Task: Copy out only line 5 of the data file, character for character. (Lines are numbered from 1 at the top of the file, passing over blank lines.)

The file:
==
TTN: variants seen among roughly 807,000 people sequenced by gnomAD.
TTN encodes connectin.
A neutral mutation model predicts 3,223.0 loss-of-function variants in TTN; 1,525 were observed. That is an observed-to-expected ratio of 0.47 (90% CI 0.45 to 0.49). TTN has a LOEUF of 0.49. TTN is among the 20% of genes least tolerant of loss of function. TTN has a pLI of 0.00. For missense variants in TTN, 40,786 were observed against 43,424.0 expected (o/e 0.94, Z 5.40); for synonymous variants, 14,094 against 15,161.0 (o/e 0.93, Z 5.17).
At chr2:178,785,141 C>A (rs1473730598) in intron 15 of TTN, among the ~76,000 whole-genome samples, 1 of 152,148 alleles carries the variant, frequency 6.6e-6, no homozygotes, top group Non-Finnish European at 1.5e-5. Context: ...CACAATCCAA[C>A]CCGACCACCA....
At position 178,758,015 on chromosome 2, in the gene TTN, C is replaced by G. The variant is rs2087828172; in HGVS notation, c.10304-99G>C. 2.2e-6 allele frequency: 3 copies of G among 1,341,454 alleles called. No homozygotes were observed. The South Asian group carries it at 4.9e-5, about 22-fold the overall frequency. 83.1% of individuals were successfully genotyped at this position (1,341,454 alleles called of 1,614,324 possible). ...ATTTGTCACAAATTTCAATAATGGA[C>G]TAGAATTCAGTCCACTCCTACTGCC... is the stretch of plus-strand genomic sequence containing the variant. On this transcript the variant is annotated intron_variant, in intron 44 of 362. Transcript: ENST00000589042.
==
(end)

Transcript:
At position 178,758,015 on chromosome 2, in the gene TTN, C is replaced by G. The variant is rs2087828172; in HGVS notation, c.10304-99G>C. 2.2e-6 allele frequency: 3 copies of G among 1,341,454 alleles called. No homozygotes were observed. The South Asian group carries it at 4.9e-5, about 22-fold the overall frequency. 83.1% of individuals were successfully genotyped at this position (1,341,454 alleles called of 1,614,324 possible). ...ATTTGTCACAAATTTCAATAATGGA[C>G]TAGAATTCAGTCCACTCCTACTGCC... is the stretch of plus-strand genomic sequence containing the variant. On this transcript the variant is annotated intron_variant, in intron 44 of 362. Transcript: ENST00000589042.